The mother of a boy with serious special needs is facing homelessness within hours after the council refused her medical priority housing.
Mother-of-three Natasha White has been desperately searching for a place to live since she was served notice to leave her home of nearly seven years in February.
Her eldest son André is living with Down syndrome, autism and aggressive juvenile arthritis, while her second eldest Carter has Combined Type ADHD and suffers from severe anxiety.
On The Pat Kenny Show this morning, Natasha said she has “literally exhausted every avenue” trying to find a new home over the last six months.
She now has no idea what she is going to do as her deadline to leave is today.
Natasha said Andre is now nearly 15 and suffers from a range of issues.
“It means he’s in daily pain,” she said. “He suffers an awful lot.”
“He is backwards and forwards to the hospital and they still haven’t found a medication to work for it which means it is getting progressively worse as time goes on. It also affects his mobility.
“He’s also at very high risk for infections and stuff. He has very bad asthma and he suffers from chronic chest infections.
“He also suffers from sleep apnoea which require him to wear a CPAP machine because he has severe obstructive sleep apnoea.”
She said his condition means he needs medication to get to sleep.
“Obviously, because he’s in a lot of pain as well, that requires him to have his own space,” she said.
“He can’t understand or express how he’s feeling all the time because of his Down syndrome and that can cause his behaviour to get bad at times – through no fault of his own.
“He is a brilliant child, but he has a lot going on and it does take an awful lot of time helping him and doing everything that needs to be done. There is a lot involved in it and a lot involved in keeping him happy as well.”
Nine-year-old Carter’s severe anxiety has made the situation even harder to deal with.
“Obviously he understands an awful lot more than André,” she said. “They all know we have to leave the house, but Carter’s anxiety is building and building and he’s asking me every day have you found another house, have you found another house?
“I just keep saying, I’m working on it.”
Despite her children’s situation’s, the local council refused Natasha’s application for medical priority housing – telling her a new home would not improve André’s condition.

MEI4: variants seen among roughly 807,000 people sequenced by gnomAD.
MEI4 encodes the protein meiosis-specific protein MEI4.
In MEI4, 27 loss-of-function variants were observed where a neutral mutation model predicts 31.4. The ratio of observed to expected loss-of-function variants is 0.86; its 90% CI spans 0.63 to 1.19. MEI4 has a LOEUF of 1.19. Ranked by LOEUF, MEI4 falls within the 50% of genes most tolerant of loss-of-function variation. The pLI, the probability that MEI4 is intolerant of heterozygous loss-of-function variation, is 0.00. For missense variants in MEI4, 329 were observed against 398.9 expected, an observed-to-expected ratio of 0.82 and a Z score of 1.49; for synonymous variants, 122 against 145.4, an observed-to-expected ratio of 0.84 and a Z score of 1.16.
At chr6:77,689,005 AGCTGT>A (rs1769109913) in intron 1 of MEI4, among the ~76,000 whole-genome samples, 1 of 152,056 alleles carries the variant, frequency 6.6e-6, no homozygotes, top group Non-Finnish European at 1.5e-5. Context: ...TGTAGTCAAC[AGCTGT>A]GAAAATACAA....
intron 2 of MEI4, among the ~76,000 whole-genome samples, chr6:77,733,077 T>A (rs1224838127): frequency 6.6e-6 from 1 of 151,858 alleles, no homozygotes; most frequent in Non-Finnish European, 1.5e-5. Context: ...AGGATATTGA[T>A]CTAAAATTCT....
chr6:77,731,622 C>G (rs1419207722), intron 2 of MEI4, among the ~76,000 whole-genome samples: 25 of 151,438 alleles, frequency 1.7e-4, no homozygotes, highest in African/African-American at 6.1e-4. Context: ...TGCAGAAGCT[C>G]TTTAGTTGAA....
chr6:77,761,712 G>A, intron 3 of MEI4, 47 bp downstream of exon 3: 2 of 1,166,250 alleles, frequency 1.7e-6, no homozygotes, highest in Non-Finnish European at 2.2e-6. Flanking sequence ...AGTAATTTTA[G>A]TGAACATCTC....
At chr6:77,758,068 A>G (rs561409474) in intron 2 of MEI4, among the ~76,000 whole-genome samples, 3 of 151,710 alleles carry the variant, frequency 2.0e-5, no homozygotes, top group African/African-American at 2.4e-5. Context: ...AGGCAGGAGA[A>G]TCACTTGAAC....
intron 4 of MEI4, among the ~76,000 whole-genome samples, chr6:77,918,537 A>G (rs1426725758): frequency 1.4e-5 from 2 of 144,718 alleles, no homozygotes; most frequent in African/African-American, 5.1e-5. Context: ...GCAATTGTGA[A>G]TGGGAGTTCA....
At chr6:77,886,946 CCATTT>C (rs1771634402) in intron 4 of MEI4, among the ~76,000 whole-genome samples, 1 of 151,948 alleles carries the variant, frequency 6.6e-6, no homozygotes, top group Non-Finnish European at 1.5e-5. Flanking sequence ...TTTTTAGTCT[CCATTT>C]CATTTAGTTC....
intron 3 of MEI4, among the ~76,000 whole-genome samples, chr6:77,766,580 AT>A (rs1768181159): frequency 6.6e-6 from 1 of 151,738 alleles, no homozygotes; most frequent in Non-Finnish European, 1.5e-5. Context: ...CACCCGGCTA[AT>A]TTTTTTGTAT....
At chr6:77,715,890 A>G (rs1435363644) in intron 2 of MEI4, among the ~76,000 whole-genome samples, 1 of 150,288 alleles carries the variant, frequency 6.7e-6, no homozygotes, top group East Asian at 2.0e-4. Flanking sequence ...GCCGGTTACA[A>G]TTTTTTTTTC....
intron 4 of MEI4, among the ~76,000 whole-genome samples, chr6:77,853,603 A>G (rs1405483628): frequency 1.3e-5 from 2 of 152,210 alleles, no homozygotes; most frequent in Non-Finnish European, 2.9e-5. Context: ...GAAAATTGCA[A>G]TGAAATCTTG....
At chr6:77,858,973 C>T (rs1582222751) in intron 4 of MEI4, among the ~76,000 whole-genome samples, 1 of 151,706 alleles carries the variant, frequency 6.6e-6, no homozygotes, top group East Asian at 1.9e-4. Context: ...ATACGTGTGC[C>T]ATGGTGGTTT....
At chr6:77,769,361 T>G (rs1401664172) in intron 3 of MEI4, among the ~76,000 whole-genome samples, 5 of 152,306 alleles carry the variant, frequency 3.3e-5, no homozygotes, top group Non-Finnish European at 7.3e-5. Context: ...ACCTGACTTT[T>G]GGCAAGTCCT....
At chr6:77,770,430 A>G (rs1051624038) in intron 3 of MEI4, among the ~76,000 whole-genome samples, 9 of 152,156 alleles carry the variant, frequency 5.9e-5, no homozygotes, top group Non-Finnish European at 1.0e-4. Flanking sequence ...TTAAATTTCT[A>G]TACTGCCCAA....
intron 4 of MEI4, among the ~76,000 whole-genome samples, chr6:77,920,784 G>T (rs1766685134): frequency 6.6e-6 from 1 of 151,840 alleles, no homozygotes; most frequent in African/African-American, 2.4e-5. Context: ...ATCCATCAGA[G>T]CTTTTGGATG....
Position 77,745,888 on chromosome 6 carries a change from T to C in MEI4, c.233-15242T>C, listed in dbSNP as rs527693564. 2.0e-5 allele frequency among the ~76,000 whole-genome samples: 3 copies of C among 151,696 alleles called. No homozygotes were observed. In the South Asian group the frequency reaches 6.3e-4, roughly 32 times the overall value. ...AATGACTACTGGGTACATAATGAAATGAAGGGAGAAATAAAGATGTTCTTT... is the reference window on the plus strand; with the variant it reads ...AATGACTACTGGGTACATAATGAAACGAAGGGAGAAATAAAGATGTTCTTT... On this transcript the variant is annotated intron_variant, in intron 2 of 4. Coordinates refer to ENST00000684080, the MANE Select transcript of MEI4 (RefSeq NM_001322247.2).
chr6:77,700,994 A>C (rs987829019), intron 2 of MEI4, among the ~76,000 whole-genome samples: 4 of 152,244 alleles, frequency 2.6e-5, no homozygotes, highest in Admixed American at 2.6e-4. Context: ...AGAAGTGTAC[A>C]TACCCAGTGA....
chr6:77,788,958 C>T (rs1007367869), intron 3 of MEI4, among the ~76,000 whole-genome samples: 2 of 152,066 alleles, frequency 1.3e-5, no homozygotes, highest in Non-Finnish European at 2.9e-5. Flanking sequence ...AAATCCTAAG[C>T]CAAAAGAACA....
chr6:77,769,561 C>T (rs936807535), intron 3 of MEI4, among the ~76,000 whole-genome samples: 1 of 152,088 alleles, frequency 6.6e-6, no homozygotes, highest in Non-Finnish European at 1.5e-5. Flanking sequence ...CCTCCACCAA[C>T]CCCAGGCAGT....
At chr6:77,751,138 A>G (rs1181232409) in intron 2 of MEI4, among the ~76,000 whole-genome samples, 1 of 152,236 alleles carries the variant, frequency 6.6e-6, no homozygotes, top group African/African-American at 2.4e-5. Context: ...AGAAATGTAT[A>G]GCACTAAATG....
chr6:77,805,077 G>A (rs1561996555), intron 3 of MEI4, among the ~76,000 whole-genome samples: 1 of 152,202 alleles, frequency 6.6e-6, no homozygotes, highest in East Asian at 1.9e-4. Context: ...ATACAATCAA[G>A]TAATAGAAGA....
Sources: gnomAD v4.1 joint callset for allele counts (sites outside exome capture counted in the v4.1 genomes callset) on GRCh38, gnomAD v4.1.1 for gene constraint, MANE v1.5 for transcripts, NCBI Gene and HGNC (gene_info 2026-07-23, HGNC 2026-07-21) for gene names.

“Obviously new housing is not going to make Andre’s Down syndrome go away or make Carter’s ADHD go away,” said Natasha. “But it’s going to give my children the security they need.
“Any child with additional needs and intellectual disabilities needs to have a strict routine and a safe environment to feel safe and to feel happy.”
She said previous house moves have caused Andre to regress significantly – and the uncertainty over their situation is having a serious impact on all the children’s mental health.
"It’s been absolutely horrendous because I can’t tell them where we’re going," she said. "I haven’t found a new house for us to move to and obviously I've been packing up and tensions have been running very high.
"They really don’t want to leave."
Up until recently, Natasha had hoped the council would buy the property so her family could remain.
That plan was scuppered last week when a surveyor found safety issues with an attic conversion in the house.
“If it was the difference between having to move out and staying, I would find a way to manage without the attic,” said Natasha. “I would sleep in the sitting room if needs be myself, so my kids could have their own space.
“As it stands, I have nowhere to go. I don’t have family with space to take us in. I don’t have anybody that can take me and three children in.
“I really don’t what today is going to bring. I’m just hoping and praying that I get a phone call from somebody with some sort of good news.
“If not, I really don’t know what I’m going to do.”
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